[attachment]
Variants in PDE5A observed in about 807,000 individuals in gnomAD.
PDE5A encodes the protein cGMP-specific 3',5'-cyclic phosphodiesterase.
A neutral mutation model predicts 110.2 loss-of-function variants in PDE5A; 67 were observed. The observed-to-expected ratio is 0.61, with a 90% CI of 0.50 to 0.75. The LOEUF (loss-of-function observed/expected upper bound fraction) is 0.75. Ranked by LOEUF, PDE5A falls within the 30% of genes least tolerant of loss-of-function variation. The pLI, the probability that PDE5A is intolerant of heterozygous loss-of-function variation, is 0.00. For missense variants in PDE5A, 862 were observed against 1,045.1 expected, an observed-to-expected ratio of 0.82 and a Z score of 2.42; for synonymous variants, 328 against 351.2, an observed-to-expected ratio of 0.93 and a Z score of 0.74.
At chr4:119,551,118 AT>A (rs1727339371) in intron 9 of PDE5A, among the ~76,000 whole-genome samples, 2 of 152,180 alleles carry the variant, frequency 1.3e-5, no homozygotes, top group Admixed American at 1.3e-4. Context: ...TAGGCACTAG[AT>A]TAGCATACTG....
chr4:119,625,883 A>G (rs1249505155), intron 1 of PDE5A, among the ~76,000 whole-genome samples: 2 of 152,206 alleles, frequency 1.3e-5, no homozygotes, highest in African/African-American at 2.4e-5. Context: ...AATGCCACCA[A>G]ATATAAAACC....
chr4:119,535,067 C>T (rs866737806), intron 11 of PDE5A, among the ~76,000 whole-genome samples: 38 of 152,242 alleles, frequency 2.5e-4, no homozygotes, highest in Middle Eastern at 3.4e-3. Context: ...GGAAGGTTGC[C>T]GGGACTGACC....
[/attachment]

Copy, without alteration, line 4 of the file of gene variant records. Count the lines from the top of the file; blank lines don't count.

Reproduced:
At chr4:119,551,118 AT>A (rs1727339371) in intron 9 of PDE5A, among the ~76,000 whole-genome samples, 2 of 152,180 alleles carry the variant, frequency 1.3e-5, no homozygotes, top group Admixed American at 1.3e-4. Context: ...TAGGCACTAG[AT>A]TAGCATACTG....